401(k) Rollover Fees
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- By GoBankingRates Staff
- October 11, 2010
If you have a 401(k) retirement fund, you have probably been spending a lot of time stressing over it recently. The economy has been hit hard and many people saw the funds in their 401(k) plans seriously drop in value. To make matters worse, many people continue to lose their jobs all over the country and are wondering what to do with their 401(k) plans since many companies cease participation if you no longer work there.
The good news is that you can perform a 401(k) rollover, in which you taking the money from your current 401(k) and roll it over into a new retirement savings plan. Of course, as with most financial transactions,there are 401(k) rollover fees.
Why 401(k) Rollover Fees Exist
When you roll your money from one 401(k) fund into another, or roll it into an Individual Retirement Account (IRA), Roth Individual Retirement Account (Roth IRA) or any other kind of retirement savings account, you have to take special steps in order to fulfill certain legal, statutory requirements as stipulated by the government.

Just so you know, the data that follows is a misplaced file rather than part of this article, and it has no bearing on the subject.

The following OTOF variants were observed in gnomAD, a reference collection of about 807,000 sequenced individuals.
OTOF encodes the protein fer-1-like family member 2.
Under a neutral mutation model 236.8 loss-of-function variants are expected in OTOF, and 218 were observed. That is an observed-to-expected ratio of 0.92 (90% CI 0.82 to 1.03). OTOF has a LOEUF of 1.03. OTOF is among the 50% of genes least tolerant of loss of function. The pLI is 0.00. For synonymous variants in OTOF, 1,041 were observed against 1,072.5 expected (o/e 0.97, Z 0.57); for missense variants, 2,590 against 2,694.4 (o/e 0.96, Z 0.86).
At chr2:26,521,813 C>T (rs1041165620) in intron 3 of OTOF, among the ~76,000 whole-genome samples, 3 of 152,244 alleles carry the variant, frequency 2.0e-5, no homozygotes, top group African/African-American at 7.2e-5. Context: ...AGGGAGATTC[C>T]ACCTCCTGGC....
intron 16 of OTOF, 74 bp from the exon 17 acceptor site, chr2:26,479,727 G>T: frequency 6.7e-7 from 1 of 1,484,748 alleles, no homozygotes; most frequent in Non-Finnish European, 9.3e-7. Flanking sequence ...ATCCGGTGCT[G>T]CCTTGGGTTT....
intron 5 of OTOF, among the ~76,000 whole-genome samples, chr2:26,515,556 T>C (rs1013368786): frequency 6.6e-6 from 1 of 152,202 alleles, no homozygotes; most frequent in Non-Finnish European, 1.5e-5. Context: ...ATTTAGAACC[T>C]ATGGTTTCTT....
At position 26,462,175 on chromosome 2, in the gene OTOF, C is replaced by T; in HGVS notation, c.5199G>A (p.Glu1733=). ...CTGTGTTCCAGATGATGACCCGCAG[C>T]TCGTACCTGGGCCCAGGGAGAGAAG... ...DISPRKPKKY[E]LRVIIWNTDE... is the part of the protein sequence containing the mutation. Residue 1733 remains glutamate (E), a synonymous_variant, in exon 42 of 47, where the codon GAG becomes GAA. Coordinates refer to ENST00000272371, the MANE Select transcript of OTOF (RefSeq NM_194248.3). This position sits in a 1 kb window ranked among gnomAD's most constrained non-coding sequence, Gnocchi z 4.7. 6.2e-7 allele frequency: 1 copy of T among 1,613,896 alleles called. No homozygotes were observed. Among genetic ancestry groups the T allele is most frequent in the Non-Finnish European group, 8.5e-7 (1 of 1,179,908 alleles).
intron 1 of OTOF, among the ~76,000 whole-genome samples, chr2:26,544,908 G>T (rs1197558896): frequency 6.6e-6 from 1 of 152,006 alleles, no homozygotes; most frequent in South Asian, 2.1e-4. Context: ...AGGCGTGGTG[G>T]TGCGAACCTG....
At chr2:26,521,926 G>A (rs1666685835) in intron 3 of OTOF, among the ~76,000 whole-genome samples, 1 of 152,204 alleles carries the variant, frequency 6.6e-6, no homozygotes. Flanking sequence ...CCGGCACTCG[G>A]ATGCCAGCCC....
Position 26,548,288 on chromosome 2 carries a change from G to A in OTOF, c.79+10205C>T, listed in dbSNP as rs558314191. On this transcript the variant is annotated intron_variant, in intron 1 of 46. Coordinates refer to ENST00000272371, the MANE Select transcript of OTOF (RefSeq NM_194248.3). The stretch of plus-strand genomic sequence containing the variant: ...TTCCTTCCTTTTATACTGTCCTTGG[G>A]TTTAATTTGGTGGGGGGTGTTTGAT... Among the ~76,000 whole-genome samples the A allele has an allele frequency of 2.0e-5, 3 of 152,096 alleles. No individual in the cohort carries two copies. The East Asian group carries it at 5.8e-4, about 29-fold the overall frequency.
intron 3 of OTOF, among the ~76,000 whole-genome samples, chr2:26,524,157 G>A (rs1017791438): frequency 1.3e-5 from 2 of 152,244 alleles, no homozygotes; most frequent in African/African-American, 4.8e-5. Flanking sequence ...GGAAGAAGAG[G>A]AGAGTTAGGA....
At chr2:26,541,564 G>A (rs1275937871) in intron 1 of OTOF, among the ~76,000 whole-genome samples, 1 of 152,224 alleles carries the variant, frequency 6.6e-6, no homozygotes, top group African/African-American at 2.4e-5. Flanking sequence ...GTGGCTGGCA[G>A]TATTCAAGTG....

Other Costs to Be Aware Of
With a 401(k) retirement plan, you are not allowed to access the funds in it until you reach the age of 59-and-a-half without being heavily taxed and penalized for doing so. That’s because 401(k) plans are specifically designed for retirement and have all kinds of tax incentives associated with them to make sure you don’t use the money before retirement. If you do access the money in your 401(k) before retirement, you’re going to see the government–both state and local–take out a huge portion in taxes and penalties.
When you rollover your 401(k) into an IRA or a different 401(k), you have to make sure that you don’t touch the money; have your former employer move the money into the new employer’s 401(k) fund or pay a financial professional to move the money for you to avoid being taxed heavily.
To learn more about 401(k) plans, 401(k) rollover fees, IRAs, Roth IRAs or any other investment option, be sure to consult with a financial professional.
Photo Credit: Miki Yoshihito